Researchers Study New Approach to MRSA Decolonization Protocol

Guidelines for the control of hospital-acquired MRSA include decolonization measures to end MRSA carrier status in colonized and infected patients. Successful decolonization typically requires up to 22 days of treatment, which is longer than the average hospital length of stay (LOS). Incomplete decolonization is therefore common, with long-term MRSA carriage as a consequence. To overcome this, Jahn, et al. (2016) developed an integrated MRSA Management (IMM) by extending MRSA decolonization to the outpatient and domestic setting. The protocol makes use of polyhexanide-based products, in view of reported qac-mediated resistance to chlorhexidine in S. aureus and MRSA.

This is a prospective, single-center, controlled, non-randomized, open-label study to evaluate the efficiency of the IMM concept. The outcome of guideline-approved decolonization during hospital stay only (control group; n = 201) was compared to the outcome following IMM treatment whereby decolonization was continued after discharge in the domestic setting or in a long-term care facility (study group; n = 99). As a secondary outcome, the effect of MRSA-status of skin alterations was assessed.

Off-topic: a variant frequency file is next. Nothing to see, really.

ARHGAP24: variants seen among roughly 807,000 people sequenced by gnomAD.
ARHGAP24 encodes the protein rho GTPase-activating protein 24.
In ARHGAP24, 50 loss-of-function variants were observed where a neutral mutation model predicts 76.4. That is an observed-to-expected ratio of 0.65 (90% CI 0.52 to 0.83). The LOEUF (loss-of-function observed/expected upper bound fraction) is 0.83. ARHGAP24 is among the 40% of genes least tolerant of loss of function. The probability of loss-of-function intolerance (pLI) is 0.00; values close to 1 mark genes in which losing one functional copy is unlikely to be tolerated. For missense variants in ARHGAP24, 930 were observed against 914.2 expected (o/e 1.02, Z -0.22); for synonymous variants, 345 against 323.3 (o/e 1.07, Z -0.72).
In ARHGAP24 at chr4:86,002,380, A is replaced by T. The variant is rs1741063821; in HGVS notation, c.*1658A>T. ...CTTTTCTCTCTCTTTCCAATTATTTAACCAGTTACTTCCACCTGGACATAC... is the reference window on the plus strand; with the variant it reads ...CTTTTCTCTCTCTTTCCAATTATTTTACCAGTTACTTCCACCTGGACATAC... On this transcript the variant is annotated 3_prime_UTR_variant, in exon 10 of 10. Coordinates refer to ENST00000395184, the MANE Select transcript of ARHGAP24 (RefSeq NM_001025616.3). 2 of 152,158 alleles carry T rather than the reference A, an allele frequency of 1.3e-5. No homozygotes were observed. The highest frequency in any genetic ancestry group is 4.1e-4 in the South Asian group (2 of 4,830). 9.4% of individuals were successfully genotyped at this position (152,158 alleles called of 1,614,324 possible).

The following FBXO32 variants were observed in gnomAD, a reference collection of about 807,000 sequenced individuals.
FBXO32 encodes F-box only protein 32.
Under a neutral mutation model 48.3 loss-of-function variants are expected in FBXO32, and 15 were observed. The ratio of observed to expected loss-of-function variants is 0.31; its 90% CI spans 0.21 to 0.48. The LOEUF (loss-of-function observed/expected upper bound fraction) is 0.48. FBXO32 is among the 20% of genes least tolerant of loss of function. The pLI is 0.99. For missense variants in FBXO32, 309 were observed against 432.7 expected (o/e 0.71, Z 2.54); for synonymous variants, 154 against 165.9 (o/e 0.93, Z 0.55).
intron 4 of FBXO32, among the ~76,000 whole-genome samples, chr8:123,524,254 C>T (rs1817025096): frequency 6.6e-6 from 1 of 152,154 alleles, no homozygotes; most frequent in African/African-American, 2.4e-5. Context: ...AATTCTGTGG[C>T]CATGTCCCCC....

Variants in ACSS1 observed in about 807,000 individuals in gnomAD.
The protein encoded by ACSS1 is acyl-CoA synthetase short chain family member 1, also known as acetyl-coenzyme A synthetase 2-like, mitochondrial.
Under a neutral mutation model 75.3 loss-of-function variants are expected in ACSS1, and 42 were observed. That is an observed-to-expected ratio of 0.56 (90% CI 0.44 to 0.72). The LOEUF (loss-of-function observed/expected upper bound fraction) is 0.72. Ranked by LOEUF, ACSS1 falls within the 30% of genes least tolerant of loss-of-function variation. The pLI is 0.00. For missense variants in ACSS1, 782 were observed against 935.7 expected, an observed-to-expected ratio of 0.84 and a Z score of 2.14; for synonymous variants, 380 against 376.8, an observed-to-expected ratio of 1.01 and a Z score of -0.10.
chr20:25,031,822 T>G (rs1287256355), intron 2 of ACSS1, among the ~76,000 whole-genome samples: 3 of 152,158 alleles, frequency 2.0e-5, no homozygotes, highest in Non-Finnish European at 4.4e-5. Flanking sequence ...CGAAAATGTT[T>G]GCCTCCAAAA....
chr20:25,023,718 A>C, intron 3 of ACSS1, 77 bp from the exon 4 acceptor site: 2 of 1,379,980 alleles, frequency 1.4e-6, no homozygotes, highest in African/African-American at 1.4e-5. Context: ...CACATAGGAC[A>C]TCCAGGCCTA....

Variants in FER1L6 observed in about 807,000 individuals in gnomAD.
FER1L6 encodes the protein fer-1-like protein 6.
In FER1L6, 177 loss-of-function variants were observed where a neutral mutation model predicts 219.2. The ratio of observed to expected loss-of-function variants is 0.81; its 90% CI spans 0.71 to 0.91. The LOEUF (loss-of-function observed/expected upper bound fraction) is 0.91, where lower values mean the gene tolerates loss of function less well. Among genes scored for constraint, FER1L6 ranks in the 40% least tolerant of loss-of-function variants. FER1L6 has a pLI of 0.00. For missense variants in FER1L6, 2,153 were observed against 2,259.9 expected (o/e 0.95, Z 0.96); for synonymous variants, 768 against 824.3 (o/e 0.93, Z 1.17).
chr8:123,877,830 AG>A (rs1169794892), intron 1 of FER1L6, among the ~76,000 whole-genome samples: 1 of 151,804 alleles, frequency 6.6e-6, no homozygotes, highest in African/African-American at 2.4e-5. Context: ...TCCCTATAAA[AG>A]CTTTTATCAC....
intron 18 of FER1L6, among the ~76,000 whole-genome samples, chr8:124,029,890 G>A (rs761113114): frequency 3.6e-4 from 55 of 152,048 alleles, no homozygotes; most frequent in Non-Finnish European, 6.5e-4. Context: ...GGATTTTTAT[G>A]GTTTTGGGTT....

The overall decolonization rate was 47 percent in the IMM patient group compared to 12 percent in the control group (p < 0.01). The continued treatment after hospital discharge was as effective as treatment completed during hospitalization, with microbiologically-confirmed decolonization (patients with completed regimes only) obtained with 55 percent for the IMM group and 43 percent for the control group (p > 0.05). For patients with skin alterations (e.g., wounds and entry sites), decolonization success was 50 percent if the skin alterations were MRSA-negative at baseline, compared to 22 percent success for patients entering the study with MRSA-positive skin alterations (p < 0.01).

The authors emphasize that the IMM strategy offers an MRSA decolonization protocol that is feasible in the domestic setting and is equally effective compared with inpatient decolonization treatment when hospital LOS is long enough to complete the treatment. Moreover, for patients with average LOS, decolonization rates obtained with IMM are significantly higher than for in-hospital treatment. They say that IMM is a promising concept to improve decolonization rates of MRSA-carriers for patients who leave the hospital before decolonization is completed.

Reference: Jahn B, Wassenaar TM and Stroh A. Integrated MRSA-Management (IMM) with prolonged decolonization treatment after hospital discharge is effective: a single centre, non-randomised open-label trial. Antimicrobial Resistance & Infection Control20165:25

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